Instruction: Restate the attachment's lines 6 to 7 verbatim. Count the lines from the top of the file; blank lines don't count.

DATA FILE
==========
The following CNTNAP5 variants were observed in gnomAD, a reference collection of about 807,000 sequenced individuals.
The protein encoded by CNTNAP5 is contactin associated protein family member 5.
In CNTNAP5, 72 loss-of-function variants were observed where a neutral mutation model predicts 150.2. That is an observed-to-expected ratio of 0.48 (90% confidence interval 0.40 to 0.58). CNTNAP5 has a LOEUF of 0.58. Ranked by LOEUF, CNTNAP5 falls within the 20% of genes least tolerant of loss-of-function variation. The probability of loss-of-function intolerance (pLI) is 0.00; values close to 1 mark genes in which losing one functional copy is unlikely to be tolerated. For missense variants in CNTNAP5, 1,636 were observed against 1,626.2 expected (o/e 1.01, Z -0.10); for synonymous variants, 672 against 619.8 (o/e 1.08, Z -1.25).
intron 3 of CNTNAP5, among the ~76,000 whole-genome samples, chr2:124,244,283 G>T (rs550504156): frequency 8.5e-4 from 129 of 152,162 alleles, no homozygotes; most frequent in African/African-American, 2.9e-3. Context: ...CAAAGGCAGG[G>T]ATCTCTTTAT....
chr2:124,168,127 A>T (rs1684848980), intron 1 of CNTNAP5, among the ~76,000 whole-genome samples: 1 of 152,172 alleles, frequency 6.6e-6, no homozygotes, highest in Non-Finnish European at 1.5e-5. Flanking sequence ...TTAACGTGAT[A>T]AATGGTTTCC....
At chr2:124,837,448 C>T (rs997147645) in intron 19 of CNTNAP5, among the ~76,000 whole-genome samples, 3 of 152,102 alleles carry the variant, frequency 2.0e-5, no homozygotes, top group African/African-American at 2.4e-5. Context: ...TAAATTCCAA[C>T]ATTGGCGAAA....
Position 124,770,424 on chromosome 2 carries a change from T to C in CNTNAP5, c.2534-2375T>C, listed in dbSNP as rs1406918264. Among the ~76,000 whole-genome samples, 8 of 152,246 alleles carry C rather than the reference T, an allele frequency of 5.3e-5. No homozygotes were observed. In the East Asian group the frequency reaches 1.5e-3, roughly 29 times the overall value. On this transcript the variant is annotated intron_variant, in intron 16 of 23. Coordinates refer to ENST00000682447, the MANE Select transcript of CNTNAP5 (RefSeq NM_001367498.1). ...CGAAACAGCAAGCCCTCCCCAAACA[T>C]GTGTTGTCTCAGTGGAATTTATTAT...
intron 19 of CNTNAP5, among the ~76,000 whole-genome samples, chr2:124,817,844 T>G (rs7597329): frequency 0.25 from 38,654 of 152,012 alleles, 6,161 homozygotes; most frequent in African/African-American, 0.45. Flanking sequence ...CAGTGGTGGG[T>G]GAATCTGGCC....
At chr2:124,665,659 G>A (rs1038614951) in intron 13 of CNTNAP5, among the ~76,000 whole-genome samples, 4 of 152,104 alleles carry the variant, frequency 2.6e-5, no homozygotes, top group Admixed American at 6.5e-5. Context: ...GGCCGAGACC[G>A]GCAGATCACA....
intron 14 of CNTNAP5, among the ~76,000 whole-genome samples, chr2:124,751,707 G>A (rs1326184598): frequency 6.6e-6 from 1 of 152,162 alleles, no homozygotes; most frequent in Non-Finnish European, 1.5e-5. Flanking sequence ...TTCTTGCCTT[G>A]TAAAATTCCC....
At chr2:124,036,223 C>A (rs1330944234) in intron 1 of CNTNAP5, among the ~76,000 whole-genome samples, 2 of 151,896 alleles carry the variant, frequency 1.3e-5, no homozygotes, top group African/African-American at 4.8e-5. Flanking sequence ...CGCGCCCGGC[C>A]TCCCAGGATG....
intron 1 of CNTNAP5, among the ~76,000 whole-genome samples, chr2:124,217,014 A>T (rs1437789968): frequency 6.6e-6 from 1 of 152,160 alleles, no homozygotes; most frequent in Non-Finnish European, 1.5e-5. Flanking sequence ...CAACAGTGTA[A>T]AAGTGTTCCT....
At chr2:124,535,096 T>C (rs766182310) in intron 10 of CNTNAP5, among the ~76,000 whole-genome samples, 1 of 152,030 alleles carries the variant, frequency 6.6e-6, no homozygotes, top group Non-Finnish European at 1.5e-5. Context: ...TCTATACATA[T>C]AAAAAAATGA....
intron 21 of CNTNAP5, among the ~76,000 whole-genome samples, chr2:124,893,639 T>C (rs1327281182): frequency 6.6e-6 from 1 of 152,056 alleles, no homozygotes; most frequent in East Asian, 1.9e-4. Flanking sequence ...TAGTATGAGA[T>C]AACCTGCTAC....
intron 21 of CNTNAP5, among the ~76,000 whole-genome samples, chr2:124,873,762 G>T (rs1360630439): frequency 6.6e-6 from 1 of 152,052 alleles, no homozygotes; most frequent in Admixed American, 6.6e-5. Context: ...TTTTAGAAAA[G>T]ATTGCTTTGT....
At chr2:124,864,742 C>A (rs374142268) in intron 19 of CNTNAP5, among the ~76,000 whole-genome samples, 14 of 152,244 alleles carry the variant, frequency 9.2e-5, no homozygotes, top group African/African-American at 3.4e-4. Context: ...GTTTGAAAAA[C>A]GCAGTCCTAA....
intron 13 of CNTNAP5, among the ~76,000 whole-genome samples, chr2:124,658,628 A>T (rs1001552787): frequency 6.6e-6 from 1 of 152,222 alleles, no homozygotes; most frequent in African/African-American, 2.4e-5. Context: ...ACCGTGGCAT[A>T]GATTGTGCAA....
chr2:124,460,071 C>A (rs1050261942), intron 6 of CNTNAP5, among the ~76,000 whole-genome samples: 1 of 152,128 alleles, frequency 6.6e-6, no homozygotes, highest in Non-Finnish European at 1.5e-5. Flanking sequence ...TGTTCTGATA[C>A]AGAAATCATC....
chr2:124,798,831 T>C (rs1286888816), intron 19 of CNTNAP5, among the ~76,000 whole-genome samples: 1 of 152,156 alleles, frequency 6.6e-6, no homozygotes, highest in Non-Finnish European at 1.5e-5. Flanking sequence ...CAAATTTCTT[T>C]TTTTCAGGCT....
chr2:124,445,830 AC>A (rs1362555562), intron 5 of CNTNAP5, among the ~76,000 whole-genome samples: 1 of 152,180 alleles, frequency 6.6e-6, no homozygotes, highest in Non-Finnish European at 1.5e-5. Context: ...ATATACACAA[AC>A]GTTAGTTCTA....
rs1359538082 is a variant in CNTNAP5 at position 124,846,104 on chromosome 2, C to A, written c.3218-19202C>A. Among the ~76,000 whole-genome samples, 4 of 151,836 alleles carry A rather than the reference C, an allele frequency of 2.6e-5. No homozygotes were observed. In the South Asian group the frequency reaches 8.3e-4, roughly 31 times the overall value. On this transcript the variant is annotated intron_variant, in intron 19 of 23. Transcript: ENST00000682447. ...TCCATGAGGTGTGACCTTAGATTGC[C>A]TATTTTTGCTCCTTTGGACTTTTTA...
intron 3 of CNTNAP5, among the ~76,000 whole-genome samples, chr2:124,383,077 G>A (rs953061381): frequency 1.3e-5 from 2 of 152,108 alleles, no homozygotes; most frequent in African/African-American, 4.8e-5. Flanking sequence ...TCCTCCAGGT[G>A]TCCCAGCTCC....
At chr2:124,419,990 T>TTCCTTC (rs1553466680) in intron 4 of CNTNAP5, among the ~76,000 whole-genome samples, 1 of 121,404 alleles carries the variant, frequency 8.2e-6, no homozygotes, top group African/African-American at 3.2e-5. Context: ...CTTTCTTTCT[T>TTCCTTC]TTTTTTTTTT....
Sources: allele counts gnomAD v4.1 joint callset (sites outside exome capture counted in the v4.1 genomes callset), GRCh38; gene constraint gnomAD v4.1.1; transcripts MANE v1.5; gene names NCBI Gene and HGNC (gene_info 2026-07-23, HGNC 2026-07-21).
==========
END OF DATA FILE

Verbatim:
At chr2:124,837,448 C>T (rs997147645) in intron 19 of CNTNAP5, among the ~76,000 whole-genome samples, 3 of 152,102 alleles carry the variant, frequency 2.0e-5, no homozygotes, top group African/African-American at 2.4e-5. Context: ...TAAATTCCAA[C>T]ATTGGCGAAA....
Position 124,770,424 on chromosome 2 carries a change from T to C in CNTNAP5, c.2534-2375T>C, listed in dbSNP as rs1406918264. Among the ~76,000 whole-genome samples, 8 of 152,246 alleles carry C rather than the reference T, an allele frequency of 5.3e-5. No homozygotes were observed. In the East Asian group the frequency reaches 1.5e-3, roughly 29 times the overall value. On this transcript the variant is annotated intron_variant, in intron 16 of 23. Coordinates refer to ENST00000682447, the MANE Select transcript of CNTNAP5 (RefSeq NM_001367498.1). ...CGAAACAGCAAGCCCTCCCCAAACA[T>C]GTGTTGTCTCAGTGGAATTTATTAT...